I’m kidding opposite of your income or four percent of your net worth I’m sorry
yes yeah no what happened here so basically
when I left I had eighty thousand dollars a year in passive income and
that was from real estate dividend stocks CDs savings and just some random
private investments so I knew eighty thousand dollars a year in passive
income would allow me not to starve in San Francisco further my house housing
by that time was not that expensive and then my wife worked right so I was like
well I’m gonna get on her health kick here
I’ll go first she’s three years younger I’ll go on her health care so I knew
that eighty thousand plus health care plus my wife were fine and then of
course there’s the severance so I either looked at the severance so what I did
actually was I reinvested the entire severance check into the stock market in
2012 again nice timing yeah I mean cuz I saw I thank you I thought it was just
free money it was like wow this is like winning the lottery and let me just
invest the money it was a six-figure home some into the stock market and I
said okay I’ll live frugally passive income I tried oh this is the thing I
tried so hard not so hard I put my house that I bought for 1.5 to 2 million on
the market in 2012 for one point seven two seven five million and I said you
know what I’m unemployed now or retired I need to live more frugally
so let’s sell this house while the market recovered right cuz it was like
probably worth only like one point four one point four five during the depths of
the crisis but I think I thought maybe I could sell for one point seven you know
maybe a two hundred thousand dollar gross game
gross gain and I thought okay we’re gonna sell this house is it going
21 hours square foot house 3 bedroom 2 2 and iPad Plus 1-bedroom 1-bath bonus
room too big for us there’s only two of us and we’re gonna go rent a two-bedroom
one-bath place like the place that we rented back in 2003 at the edge of
Chinatown for like you know twenty four hundred a month and live really really
frugally $2,400 a month might not sound like that little but it was its little
for San Francisco for two people as well and so I put the house on the market you
know Facebook had just gotten public I was like you know there’s gonna be all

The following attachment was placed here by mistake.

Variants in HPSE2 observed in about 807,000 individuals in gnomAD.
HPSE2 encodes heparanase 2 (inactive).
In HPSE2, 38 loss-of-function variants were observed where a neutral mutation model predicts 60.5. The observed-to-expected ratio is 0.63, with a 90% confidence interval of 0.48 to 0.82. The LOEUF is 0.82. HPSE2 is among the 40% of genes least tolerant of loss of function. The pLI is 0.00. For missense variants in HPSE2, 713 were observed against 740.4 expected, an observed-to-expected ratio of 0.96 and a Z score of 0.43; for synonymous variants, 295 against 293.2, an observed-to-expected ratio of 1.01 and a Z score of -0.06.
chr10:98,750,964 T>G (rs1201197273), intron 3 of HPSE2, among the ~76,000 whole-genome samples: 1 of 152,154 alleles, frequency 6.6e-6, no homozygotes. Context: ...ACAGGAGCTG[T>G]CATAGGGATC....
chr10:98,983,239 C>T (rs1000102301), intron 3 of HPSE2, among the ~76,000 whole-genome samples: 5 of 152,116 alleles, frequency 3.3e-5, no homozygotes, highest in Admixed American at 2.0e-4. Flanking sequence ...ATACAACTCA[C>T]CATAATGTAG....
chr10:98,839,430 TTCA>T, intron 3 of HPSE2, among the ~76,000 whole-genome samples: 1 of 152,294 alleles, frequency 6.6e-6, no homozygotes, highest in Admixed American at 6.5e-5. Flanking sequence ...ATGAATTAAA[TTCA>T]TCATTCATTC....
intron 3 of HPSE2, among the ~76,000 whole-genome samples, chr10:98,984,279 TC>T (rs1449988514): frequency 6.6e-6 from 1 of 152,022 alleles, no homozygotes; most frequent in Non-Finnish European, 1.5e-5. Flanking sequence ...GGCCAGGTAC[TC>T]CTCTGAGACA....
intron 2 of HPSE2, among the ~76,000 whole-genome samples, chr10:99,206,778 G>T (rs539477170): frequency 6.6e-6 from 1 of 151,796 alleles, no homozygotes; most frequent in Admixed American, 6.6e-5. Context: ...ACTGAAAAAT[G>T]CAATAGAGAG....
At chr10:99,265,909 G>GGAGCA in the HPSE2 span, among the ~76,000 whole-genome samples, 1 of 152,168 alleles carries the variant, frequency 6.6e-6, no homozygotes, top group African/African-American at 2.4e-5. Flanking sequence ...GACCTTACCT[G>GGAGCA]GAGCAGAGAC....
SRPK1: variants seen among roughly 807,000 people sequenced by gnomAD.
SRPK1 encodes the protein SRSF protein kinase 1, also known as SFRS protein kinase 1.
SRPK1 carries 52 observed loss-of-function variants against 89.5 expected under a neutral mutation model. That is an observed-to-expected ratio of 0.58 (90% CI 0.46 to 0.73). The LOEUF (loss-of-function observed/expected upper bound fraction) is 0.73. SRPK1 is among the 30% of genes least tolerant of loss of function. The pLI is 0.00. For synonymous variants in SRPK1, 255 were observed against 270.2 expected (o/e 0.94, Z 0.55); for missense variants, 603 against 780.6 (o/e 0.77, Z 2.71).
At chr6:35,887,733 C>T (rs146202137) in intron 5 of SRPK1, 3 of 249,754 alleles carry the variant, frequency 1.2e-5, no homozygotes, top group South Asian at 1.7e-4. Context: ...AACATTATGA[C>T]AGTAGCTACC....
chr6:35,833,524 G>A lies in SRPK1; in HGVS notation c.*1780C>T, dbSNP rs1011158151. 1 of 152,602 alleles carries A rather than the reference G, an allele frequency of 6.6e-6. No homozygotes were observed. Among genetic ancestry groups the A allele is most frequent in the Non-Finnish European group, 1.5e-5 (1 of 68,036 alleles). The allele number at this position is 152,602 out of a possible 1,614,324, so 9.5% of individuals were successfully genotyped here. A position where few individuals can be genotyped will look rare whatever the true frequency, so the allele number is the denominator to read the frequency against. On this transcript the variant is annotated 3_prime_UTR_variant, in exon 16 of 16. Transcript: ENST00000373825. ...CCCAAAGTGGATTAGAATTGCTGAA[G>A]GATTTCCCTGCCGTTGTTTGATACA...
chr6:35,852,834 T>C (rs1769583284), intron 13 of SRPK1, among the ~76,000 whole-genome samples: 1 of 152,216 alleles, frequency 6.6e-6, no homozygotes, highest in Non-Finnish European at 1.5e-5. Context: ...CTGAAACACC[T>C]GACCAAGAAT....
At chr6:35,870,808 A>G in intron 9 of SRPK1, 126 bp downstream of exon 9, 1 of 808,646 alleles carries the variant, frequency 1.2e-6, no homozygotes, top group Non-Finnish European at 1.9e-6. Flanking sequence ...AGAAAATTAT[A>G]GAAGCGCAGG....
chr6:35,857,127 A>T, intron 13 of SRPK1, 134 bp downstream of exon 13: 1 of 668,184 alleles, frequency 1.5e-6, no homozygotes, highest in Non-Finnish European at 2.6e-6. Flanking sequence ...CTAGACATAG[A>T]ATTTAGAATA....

these multi millionaires they’re gonna snatch this house in a jiffy and so my
tennis buddy was my listing agent and he was horrible he’s a terrible agent he
would like show up after like a tennis match in shorts and a sweatshirt hey
guys this is the house I was like you’re terrible you’re like so not professional
anyway so we showed it multiple times like you know 15 times private party
goes off market but still kind of on market but off market and nobody put in
an offer and my agent friend said oh I got some whispers for way under asking
you know like maybe one five one six I was like screw that forget that I’m just
gonna hold on to the house and thank goodness I did because 2012 was
literally the beginning of the real estate market taking off in San
Francisco and so we lived in that house until 2014 and I still had a really
frugal mindset mind you so I was just I had like a CD that came due it was a
large CD it was like four hundred thousand dollar CD it was a seven year
CD earning 4% and I said you know what what should I do with the CD and so I
was looking at properties on the west side of San Francisco which are which is
actually much cheaper it’s like 40% cheaper and I found this fixer-upper for
1.25 million but it had panoramic ocean views on both levels I was like wow I’ve
never seen the ocean before and I’m in San Francisco it didn’t make sense and
so we basically took that property down and rented out the old house that I